And it’s time for that root to be ripped out permanently.
Isn’t it amazing how God brings those things to light that are deeply buried, knowing that we have to completely purge ourselves of anger and bitterness? I would have never realized that this experience was still negatively impacting my spiritual life if God hadn’t brought it to light. But here I sit, facing the reality of my heart.
So, how do we get rid of anger and bitterness? How do we rip that root of bitterness away?
I forgave “the other woman” out of obedience to God. It was God’s love and forgiveness that flowed through me. The only thing I did was act in obedience. I can truly say it was a one-time forgiveness, a one-time choice to put the past behind me.
Forgiving my ex-husband has not been as easy. There are on-going insults and hurts. Forgiving him becomes a daily decision, a choice to not allow bitterness and anger to eat away at me. Some days are easier than others.
Some of the lessons I have learned about forgiveness come from the walk to forgive my ex-husband. I try to look at him as Christ does, through eyes of compassion. I try to remember that he, too, is a chosen child of God, loved and valued. I remember that when Christ washed the disciples’ feet, he also washed Judas’ feet. He knew Judas would soon betray him, and yet he served him anyway. Would I be willing to wash my ex-husband’s feet?
And recently, I began wondering about heaven. When I encounter these people who have hurt me deeply in heaven, how will I respond? Will the bitterness still be eating at me? I want to get rid of the anger since I will be with them in eternity.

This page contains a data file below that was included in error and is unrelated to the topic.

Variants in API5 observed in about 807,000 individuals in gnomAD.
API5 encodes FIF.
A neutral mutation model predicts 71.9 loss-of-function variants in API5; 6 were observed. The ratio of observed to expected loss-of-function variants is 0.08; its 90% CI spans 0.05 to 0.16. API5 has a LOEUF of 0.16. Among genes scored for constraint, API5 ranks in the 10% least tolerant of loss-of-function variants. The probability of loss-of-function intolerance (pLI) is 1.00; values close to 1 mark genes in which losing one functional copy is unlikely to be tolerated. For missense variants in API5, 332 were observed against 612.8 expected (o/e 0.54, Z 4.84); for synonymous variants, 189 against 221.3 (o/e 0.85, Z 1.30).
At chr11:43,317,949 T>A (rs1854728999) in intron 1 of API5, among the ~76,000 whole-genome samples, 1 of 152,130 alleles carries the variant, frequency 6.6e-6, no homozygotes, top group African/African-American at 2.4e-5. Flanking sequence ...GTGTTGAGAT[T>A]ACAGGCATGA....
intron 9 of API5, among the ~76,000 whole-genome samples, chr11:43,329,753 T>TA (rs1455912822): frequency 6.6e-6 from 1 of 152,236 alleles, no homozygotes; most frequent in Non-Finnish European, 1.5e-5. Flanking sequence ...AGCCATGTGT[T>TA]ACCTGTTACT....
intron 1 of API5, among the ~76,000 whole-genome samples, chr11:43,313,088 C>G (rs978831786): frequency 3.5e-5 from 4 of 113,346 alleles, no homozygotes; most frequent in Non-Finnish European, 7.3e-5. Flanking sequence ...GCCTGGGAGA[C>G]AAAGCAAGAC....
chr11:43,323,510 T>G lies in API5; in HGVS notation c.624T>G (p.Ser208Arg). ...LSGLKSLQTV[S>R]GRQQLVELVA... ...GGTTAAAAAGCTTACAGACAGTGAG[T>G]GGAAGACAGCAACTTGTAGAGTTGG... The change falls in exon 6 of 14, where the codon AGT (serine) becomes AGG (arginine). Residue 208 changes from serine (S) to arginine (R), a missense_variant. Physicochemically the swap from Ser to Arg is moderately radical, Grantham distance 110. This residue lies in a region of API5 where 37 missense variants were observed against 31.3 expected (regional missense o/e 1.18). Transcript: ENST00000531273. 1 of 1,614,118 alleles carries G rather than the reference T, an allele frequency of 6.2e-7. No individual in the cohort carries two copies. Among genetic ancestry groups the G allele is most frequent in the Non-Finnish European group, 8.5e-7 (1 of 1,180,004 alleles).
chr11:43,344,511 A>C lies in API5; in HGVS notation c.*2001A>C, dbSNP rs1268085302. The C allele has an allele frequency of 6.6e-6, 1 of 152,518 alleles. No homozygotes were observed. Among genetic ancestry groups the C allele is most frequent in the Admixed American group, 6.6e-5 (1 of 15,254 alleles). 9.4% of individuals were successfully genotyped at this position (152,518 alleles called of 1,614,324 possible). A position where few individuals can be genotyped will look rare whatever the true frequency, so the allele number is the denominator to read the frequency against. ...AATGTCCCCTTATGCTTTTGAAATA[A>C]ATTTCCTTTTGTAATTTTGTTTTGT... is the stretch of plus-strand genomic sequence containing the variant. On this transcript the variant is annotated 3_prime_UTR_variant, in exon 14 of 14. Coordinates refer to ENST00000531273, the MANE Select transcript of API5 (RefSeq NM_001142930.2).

And so, today I take these lessons I have learned over the years, and I must put them into practice with yet someone else. I am trying to remember that the 40 year old man who is the father of this boy is not the same irresponsible 16 year old who caused my hurt all those years ago. I am trying to remember that we all make mistakes, that we all do stupid things at some point. I am trying to look at this man with eyes of compassion.
I am choosing forgiveness over bitterness each and every day. Not only is my son now friends with his son, but my daughter is now friends with his daughter. I have met his wife. I have allowed my son to go to his house. I have yet to encounter him personally, but I am preparing myself for that day. Perhaps it will surprise me.
To keep the anger and bitterness away, I make it a point to pray blessings over this man. I pray that God has and will continue to work in his heart. I pray that God would pour out blessings over him. I pray that God would do a work in his life as he has done in my life.
Finally, I remember that God has forgiven me much. If I am not willing to forgive others the offenses against me, I am taking for granted the forgiveness that Christ has lavished on me.
May kindness color all of my actions toward others.
Get rid of all bitterness, rage, anger, harsh words, and slander, as well as all types of evil behavior. Instead, be kind to each other, tenderhearted, forgiving one another, just as God through Christ has forgiven you. Ephesians 4:31:32
In the irony of all ironies, I began writing this post last week. I’ve attempted to finish several times, but I’ve been interrupted. My plans were to come home from work yesterday, finish writing, and post. But instead, I was in a wreck. A lady pulled out of a parking lot, taking out the entire passenger side of my car. After an hour with the police and two hours at the emergency room, I didn’t get home until after 8:00 pm. I was tired, hurting, and unable to think clearly. So here I sit today, sore and fighting a headache. Now I have yet another person to forgive.